Traucki spends the first block of his movie introducing the characters and getting a slight bit of romantic tension happening between Luke and Kate. Refreshingly the characters are real life rather than cardboard cut outs, thus you can believe what you are seeing did happen. The important point here in my far flung opinion is the characters aren't static, there is past history and an uncertain future, the cruise to the Reef is simply one of those interludes. So yes you are invested when the flake hits the fan, rather than rolling your eyes over another movie presenting rich yank teenagers in peril. I was actually really pleased the Director didn't over play his hand with the characters, it would have been real easy to track into the personal drama and lose the focus. We're all here for the shark yo!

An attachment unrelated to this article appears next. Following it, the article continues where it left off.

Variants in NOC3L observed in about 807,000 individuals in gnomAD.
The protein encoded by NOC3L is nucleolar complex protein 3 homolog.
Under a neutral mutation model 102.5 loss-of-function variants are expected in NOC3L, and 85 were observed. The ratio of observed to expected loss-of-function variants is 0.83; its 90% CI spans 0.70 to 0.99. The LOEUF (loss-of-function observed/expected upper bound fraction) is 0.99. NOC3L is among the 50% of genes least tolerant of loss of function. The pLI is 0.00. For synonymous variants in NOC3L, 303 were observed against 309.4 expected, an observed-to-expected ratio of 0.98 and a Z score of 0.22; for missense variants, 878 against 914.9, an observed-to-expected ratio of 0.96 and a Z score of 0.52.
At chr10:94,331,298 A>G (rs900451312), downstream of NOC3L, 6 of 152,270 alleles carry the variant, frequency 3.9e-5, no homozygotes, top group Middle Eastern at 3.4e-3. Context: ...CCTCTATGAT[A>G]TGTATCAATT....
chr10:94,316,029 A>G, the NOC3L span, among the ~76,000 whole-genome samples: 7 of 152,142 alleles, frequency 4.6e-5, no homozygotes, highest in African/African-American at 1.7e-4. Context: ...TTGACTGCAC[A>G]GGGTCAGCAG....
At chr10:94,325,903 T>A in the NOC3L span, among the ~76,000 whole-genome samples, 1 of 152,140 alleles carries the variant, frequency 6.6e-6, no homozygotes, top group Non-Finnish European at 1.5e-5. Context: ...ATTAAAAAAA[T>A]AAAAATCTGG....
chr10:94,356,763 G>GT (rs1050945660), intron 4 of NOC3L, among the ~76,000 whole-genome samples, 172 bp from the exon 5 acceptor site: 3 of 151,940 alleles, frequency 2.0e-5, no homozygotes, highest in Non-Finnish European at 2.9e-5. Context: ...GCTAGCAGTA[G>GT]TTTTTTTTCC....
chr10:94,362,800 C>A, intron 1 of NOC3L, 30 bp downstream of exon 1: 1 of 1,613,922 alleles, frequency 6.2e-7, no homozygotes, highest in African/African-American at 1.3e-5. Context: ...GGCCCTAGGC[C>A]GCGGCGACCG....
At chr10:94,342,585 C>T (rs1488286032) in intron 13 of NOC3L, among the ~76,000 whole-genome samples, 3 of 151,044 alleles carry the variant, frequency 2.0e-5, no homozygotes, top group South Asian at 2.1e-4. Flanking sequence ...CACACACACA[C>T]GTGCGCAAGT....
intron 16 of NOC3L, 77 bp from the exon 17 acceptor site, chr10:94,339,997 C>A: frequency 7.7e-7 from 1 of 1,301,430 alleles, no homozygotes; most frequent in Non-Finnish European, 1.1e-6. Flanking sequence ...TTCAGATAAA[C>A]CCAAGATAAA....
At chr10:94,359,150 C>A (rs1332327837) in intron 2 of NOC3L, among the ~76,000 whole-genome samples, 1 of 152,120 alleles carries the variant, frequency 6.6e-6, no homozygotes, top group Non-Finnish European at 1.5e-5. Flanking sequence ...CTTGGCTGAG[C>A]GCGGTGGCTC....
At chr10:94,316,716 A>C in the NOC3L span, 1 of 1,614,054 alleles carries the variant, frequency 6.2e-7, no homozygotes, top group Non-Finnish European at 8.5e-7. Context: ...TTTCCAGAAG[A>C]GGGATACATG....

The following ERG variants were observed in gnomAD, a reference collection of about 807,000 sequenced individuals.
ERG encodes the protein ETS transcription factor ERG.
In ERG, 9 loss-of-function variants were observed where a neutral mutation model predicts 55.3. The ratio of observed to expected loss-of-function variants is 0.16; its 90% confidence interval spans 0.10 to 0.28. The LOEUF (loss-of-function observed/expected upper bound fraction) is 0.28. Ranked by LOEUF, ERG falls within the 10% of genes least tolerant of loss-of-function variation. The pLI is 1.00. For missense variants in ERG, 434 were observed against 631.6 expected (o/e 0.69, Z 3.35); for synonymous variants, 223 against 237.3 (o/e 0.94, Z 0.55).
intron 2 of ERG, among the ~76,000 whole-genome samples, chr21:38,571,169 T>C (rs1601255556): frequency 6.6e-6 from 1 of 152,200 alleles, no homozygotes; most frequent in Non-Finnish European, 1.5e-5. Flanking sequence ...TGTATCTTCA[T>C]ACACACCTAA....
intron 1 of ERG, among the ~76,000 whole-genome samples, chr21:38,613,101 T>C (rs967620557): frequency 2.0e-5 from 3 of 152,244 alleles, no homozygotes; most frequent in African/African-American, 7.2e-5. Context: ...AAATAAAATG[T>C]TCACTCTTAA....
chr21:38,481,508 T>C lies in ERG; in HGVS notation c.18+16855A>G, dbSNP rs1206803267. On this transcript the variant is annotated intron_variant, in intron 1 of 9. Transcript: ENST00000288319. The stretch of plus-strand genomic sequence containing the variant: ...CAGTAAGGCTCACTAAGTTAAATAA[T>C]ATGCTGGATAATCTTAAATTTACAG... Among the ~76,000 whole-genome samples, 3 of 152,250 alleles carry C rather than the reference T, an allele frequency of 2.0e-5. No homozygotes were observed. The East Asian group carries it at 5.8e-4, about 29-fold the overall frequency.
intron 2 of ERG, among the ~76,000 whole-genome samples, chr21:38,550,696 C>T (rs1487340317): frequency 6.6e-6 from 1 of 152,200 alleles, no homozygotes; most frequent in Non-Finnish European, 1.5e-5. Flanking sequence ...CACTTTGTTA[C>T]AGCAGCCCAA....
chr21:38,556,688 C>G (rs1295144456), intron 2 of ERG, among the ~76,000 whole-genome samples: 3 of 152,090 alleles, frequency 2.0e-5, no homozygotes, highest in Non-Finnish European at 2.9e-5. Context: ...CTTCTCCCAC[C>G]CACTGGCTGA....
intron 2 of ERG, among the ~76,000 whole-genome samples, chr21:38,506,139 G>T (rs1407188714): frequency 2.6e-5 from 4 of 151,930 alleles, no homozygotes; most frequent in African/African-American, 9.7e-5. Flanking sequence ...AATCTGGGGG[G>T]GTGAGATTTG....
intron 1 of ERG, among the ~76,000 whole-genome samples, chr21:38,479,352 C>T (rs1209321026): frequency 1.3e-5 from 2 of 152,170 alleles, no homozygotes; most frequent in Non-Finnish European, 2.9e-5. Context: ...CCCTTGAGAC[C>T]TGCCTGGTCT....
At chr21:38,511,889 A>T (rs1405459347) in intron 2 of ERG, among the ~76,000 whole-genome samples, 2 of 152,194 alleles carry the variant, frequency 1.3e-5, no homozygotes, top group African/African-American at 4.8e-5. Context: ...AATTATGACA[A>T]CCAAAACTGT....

What's readily apparent in any sort of analysis is the cool ground work Traucki lays down to hint at what we are going to be rocking to in the second block of the movie. Kate joins Luke in hunting down some spark plugs at a local workshop and comes across a display of shark jaws. One of the mechanics helpfully points out which species individual jaws belong to, before finishing with the great white set of dentures and the opinion that it's strange to see the shark in Northern waters. A small bit further into the movie we learn that more people die of bee stings than shark attacks. You can almost hear the dum-da-dum in the background. I was actually grooving to the plot foreshadowing, oh come on the poster and pre-release publicity blew any chance of keeping the main antagonist secret. It's a shark movie not freaking The Sound of Music, there's going to be some blood in the water.